THE OUTPOURING of anger and frustration we have seen from thousands of junior doctors across the UK must be a wake-up call for Ministers. If they thought that junior doctors would simply accept their threats to impose a new contract, they have been proven very wrong.
Doctors believe the proposed contract is unsafe for patients, unfair for doctors and will undermine the future of the NHS. It will remove vital protections on safe working patterns, devalue evening and weekend work, and could have a real impact on the quality of patient care if we return to the days of exhausted junior doctors working dangerously long hours.
We are already seeing reports of thousands of doctors, including a large number of junior doctors, looking for opportunities to move and work abroad, which at a time when the NHS is facing a recruitment and retention crisis is cause for serious alarm. The government’s proposals will impact those specialities such as general practice and emergency services that are facing particular workforce shortages, whether it is through reducing the pay to those doctors involved in the greater amount of evening and weekend work, or reducing pay for those in training. Worse still, by making it easier for hospital trusts to return to the days where junior doctors worked dangerously long hours, they risk compromising patient care as well as junior doctors’ health and wellbeing.
What this means for doctors looking to the UK as a place to work I don’t know but it could have far reaching consequences. Foreign doctors already play a vital role in the NHS and the government need to seriously consider the long-term impact that their proposals will have on those doctors looking to move and work in the UK.
The British Medical Association has been clear that it wants to deliver a safe and fair contract for junior doctors and patients. Instead of genuine negotiations, the government has insisted that junior doctors agree without question. This would not have allowed the BMA to negotiate over proposals we believe are unsafe for patients, unfair for doctors and undermine the future of the NHS.
Health Secretary Jeremy Hunt has accused junior doctors of misleading the public, yet at the same time he continues to conflate junior doctors’ concerns and the government’s rhetoric on seven-day services. The junior doctor contract is in no way a barrier to seven-day services, with the vast majority of junior doctors routinely providing care to patients 24/7.
There are more than 50,000 junior doctors in England alone. They form the backbone of our NHS, working around the clock, seven days a week, and with a starting salary of less than £23,000, earning less than you might expect. Despite improvements in working hours in recent years, more than four in five junior doctors continue to struggle with long hours. Working 12 days in a row and clocking up 90-plus hours in a week are still common. Almost one in three have considered leaving the profession.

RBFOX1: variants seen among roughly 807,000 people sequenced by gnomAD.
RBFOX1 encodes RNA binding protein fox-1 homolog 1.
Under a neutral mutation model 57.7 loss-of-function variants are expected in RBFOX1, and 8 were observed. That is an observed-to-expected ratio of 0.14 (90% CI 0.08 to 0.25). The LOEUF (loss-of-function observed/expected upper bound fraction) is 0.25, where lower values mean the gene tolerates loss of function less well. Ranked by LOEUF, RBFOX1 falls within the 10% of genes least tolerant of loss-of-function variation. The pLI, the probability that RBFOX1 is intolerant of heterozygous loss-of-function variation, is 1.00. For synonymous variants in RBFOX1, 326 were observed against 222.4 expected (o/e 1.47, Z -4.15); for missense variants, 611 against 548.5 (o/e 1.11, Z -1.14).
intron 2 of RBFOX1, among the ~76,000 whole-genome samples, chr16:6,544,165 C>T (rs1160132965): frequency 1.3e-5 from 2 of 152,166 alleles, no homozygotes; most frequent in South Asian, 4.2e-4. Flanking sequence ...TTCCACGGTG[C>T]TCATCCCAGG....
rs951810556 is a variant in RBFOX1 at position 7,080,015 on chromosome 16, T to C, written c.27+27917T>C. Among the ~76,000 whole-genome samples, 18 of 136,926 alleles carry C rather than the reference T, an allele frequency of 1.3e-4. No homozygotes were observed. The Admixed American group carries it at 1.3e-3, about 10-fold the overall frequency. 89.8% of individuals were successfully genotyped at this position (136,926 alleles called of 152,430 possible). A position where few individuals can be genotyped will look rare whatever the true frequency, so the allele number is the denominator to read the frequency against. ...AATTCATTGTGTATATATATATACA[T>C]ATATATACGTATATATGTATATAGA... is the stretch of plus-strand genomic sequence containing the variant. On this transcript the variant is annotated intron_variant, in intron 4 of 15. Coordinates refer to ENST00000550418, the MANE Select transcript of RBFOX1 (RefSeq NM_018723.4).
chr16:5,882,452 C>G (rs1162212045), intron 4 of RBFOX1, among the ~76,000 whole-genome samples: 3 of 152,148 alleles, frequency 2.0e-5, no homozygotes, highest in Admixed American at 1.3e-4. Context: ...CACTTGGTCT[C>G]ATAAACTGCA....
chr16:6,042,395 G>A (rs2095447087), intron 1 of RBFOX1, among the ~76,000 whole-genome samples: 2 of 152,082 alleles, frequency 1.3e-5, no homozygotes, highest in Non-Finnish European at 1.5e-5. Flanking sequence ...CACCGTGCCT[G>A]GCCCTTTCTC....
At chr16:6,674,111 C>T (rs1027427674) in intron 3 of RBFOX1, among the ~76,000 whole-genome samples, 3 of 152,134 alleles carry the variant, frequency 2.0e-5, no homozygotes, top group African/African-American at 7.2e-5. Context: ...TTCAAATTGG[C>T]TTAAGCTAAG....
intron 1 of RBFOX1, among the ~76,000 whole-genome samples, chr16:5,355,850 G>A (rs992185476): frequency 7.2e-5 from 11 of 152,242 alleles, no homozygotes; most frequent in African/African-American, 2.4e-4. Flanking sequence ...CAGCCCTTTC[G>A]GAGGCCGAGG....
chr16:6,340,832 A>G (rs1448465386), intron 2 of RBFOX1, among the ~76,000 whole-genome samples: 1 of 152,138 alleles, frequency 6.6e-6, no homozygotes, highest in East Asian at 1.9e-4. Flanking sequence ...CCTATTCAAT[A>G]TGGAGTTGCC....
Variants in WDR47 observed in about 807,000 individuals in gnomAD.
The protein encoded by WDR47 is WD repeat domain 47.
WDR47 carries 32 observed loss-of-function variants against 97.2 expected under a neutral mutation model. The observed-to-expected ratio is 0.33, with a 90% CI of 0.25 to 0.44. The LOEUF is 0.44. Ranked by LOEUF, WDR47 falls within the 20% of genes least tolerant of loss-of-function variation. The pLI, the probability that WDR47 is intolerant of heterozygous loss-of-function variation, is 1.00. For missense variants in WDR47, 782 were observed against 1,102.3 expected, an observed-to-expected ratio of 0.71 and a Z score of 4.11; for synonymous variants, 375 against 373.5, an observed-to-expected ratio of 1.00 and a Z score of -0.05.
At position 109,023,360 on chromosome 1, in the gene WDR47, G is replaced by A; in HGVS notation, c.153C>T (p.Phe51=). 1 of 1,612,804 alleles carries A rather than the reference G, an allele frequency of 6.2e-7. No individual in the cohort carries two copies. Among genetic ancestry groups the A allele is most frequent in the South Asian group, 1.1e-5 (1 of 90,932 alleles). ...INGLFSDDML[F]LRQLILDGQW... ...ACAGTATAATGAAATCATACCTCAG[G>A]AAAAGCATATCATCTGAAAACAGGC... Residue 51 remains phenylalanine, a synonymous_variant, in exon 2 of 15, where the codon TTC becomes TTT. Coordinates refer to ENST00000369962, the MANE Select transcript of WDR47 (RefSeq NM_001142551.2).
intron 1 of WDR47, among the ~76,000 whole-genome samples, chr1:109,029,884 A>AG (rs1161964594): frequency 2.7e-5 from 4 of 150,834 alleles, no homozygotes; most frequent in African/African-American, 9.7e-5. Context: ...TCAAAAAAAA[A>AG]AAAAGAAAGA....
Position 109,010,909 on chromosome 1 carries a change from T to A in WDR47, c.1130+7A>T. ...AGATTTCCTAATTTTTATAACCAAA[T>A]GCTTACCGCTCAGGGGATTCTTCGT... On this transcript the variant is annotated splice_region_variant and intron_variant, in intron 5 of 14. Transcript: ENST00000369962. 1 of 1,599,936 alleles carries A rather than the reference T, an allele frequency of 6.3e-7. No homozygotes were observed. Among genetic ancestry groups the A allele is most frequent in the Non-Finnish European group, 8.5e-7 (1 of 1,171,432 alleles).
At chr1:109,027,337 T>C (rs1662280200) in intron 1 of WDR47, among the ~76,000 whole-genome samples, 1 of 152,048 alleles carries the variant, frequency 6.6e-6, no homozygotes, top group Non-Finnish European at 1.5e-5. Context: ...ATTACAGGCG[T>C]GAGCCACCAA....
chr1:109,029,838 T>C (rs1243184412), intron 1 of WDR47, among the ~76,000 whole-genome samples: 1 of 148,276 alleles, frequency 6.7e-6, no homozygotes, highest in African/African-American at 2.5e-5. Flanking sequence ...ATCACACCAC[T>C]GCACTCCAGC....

Doctors’ training can last up to eight years after medical school – a significant chunk of a doctor’s working life. They remain under the junior doctor contract for that time. The contract determines obvious things like pay and working hours, but also affects the quality of doctors’ working lives and the quality of their training. It also plays an important role in ensuring medicine remains an attractive profession for the brightest school leavers, especially at a time when students undertaking a medical degree face debts of up to £70,000. Junior doctors work long hours and take high-risk clinical decisions, but in return they need a contract that protects them and the patients they care for, delivers a fair system of pay and ensures they have the opportunity and flexibility to learn as they progress.
These things are vital to delivering high quality care for patients and to ensure doctors are trained to the best possible standards. Instead of working with the BMA to deliver this, the government want to force though changes that will be bad for patients, bad for junior doctors and, ultimately, bad for the NHS.
In recent weeks the Health Secretary has acknowledged junior doctors play a vital role in the NHS. This is at odds with his relentless and extremely damaging rhetoric attacking doctors, which has led to the anger on display. We have always stated that without the continued threats of imposition and pre-conditions, the BMA would be happy to enter meaningful negotiations.
But, until the government gives junior doctors the reasonable assurances they are demanding, we will continue with our course of action.Junior doctors are among the hardest working and most dedicated of National Health Service staff. Without them, the NHS would grind to a halt.
Kailash Chand is deputy chair of the British Medical Association (BMA) and has worked as a GP since 1983. He is ex-chair of Tameside and Glossop NHS.